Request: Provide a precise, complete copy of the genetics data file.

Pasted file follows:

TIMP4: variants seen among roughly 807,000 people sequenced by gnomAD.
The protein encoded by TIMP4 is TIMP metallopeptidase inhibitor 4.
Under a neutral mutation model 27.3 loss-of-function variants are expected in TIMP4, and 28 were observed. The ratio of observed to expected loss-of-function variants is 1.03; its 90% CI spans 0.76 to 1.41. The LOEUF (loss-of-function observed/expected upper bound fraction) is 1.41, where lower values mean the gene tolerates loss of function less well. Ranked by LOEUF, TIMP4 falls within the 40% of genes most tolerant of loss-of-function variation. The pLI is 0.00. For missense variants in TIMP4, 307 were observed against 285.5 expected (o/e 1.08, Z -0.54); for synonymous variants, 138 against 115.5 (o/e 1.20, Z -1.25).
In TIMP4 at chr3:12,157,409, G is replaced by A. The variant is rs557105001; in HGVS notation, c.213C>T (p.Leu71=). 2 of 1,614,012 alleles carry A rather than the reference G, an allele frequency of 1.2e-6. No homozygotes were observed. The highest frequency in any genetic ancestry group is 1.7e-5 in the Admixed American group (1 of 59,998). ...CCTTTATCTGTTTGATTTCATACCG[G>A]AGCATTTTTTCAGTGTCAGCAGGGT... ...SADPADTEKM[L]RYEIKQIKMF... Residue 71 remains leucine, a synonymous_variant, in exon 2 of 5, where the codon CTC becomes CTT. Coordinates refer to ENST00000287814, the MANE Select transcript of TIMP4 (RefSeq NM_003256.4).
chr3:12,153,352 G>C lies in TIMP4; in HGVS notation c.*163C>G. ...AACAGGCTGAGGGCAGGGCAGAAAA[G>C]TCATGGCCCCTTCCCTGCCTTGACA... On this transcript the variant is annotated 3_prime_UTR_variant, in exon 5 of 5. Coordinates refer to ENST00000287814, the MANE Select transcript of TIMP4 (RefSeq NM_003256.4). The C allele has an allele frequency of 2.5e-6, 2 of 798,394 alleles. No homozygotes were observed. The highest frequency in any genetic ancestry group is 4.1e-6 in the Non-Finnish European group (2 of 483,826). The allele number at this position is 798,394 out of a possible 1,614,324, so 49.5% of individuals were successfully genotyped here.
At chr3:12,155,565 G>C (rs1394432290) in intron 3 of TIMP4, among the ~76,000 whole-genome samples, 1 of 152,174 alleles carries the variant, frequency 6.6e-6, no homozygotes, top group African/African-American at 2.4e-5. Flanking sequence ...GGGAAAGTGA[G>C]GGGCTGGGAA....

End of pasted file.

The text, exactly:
TIMP4: variants seen among roughly 807,000 people sequenced by gnomAD.
The protein encoded by TIMP4 is TIMP metallopeptidase inhibitor 4.
Under a neutral mutation model 27.3 loss-of-function variants are expected in TIMP4, and 28 were observed. The ratio of observed to expected loss-of-function variants is 1.03; its 90% CI spans 0.76 to 1.41. The LOEUF (loss-of-function observed/expected upper bound fraction) is 1.41, where lower values mean the gene tolerates loss of function less well. Ranked by LOEUF, TIMP4 falls within the 40% of genes most tolerant of loss-of-function variation. The pLI is 0.00. For missense variants in TIMP4, 307 were observed against 285.5 expected (o/e 1.08, Z -0.54); for synonymous variants, 138 against 115.5 (o/e 1.20, Z -1.25).
In TIMP4 at chr3:12,157,409, G is replaced by A. The variant is rs557105001; in HGVS notation, c.213C>T (p.Leu71=). 2 of 1,614,012 alleles carry A rather than the reference G, an allele frequency of 1.2e-6. No homozygotes were observed. The highest frequency in any genetic ancestry group is 1.7e-5 in the Admixed American group (1 of 59,998). ...CCTTTATCTGTTTGATTTCATACCG[G>A]AGCATTTTTTCAGTGTCAGCAGGGT... ...SADPADTEKM[L]RYEIKQIKMF... Residue 71 remains leucine, a synonymous_variant, in exon 2 of 5, where the codon CTC becomes CTT. Coordinates refer to ENST00000287814, the MANE Select transcript of TIMP4 (RefSeq NM_003256.4).
chr3:12,153,352 G>C lies in TIMP4; in HGVS notation c.*163C>G. ...AACAGGCTGAGGGCAGGGCAGAAAA[G>C]TCATGGCCCCTTCCCTGCCTTGACA... On this transcript the variant is annotated 3_prime_UTR_variant, in exon 5 of 5. Coordinates refer to ENST00000287814, the MANE Select transcript of TIMP4 (RefSeq NM_003256.4). The C allele has an allele frequency of 2.5e-6, 2 of 798,394 alleles. No homozygotes were observed. The highest frequency in any genetic ancestry group is 4.1e-6 in the Non-Finnish European group (2 of 483,826). The allele number at this position is 798,394 out of a possible 1,614,324, so 49.5% of individuals were successfully genotyped here.
At chr3:12,155,565 G>C (rs1394432290) in intron 3 of TIMP4, among the ~76,000 whole-genome samples, 1 of 152,174 alleles carries the variant, frequency 6.6e-6, no homozygotes, top group African/African-American at 2.4e-5. Flanking sequence ...GGGAAAGTGA[G>C]GGGCTGGGAA....